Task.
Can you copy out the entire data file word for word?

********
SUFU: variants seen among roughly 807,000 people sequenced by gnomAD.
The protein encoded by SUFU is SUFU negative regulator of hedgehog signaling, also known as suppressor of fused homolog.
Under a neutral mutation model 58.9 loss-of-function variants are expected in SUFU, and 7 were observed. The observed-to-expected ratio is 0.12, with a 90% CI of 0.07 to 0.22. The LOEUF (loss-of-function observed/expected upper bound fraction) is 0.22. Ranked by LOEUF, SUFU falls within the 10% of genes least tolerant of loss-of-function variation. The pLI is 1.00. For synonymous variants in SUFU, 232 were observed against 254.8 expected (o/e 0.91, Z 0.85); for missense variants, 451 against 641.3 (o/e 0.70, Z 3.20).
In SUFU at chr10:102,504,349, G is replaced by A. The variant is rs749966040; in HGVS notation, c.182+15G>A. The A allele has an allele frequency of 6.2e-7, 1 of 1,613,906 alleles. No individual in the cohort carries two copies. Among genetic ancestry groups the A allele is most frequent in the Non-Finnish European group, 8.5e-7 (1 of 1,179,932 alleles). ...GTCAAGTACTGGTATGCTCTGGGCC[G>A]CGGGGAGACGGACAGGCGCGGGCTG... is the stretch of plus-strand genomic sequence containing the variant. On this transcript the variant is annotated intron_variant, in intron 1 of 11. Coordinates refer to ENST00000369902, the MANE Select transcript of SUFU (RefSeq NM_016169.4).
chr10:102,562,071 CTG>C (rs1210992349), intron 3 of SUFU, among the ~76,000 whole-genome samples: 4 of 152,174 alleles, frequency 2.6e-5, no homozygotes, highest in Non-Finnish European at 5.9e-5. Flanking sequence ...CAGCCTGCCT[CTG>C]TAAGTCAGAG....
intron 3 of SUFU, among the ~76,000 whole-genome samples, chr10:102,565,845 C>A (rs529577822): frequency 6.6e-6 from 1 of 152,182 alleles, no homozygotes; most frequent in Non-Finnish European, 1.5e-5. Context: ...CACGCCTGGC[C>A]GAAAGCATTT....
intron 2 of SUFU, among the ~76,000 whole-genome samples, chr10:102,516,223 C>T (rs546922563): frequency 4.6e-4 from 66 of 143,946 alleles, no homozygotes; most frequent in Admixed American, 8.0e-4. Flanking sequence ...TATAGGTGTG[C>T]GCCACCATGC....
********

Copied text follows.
SUFU: variants seen among roughly 807,000 people sequenced by gnomAD.
The protein encoded by SUFU is SUFU negative regulator of hedgehog signaling, also known as suppressor of fused homolog.
Under a neutral mutation model 58.9 loss-of-function variants are expected in SUFU, and 7 were observed. The observed-to-expected ratio is 0.12, with a 90% CI of 0.07 to 0.22. The LOEUF (loss-of-function observed/expected upper bound fraction) is 0.22. Ranked by LOEUF, SUFU falls within the 10% of genes least tolerant of loss-of-function variation. The pLI is 1.00. For synonymous variants in SUFU, 232 were observed against 254.8 expected (o/e 0.91, Z 0.85); for missense variants, 451 against 641.3 (o/e 0.70, Z 3.20).
In SUFU at chr10:102,504,349, G is replaced by A. The variant is rs749966040; in HGVS notation, c.182+15G>A. The A allele has an allele frequency of 6.2e-7, 1 of 1,613,906 alleles. No individual in the cohort carries two copies. Among genetic ancestry groups the A allele is most frequent in the Non-Finnish European group, 8.5e-7 (1 of 1,179,932 alleles). ...GTCAAGTACTGGTATGCTCTGGGCC[G>A]CGGGGAGACGGACAGGCGCGGGCTG... is the stretch of plus-strand genomic sequence containing the variant. On this transcript the variant is annotated intron_variant, in intron 1 of 11. Coordinates refer to ENST00000369902, the MANE Select transcript of SUFU (RefSeq NM_016169.4).
chr10:102,562,071 CTG>C (rs1210992349), intron 3 of SUFU, among the ~76,000 whole-genome samples: 4 of 152,174 alleles, frequency 2.6e-5, no homozygotes, highest in Non-Finnish European at 5.9e-5. Flanking sequence ...CAGCCTGCCT[CTG>C]TAAGTCAGAG....
intron 3 of SUFU, among the ~76,000 whole-genome samples, chr10:102,565,845 C>A (rs529577822): frequency 6.6e-6 from 1 of 152,182 alleles, no homozygotes; most frequent in Non-Finnish European, 1.5e-5. Context: ...CACGCCTGGC[C>A]GAAAGCATTT....
intron 2 of SUFU, among the ~76,000 whole-genome samples, chr10:102,516,223 C>T (rs546922563): frequency 4.6e-4 from 66 of 143,946 alleles, no homozygotes; most frequent in Admixed American, 8.0e-4. Flanking sequence ...TATAGGTGTG[C>T]GCCACCATGC....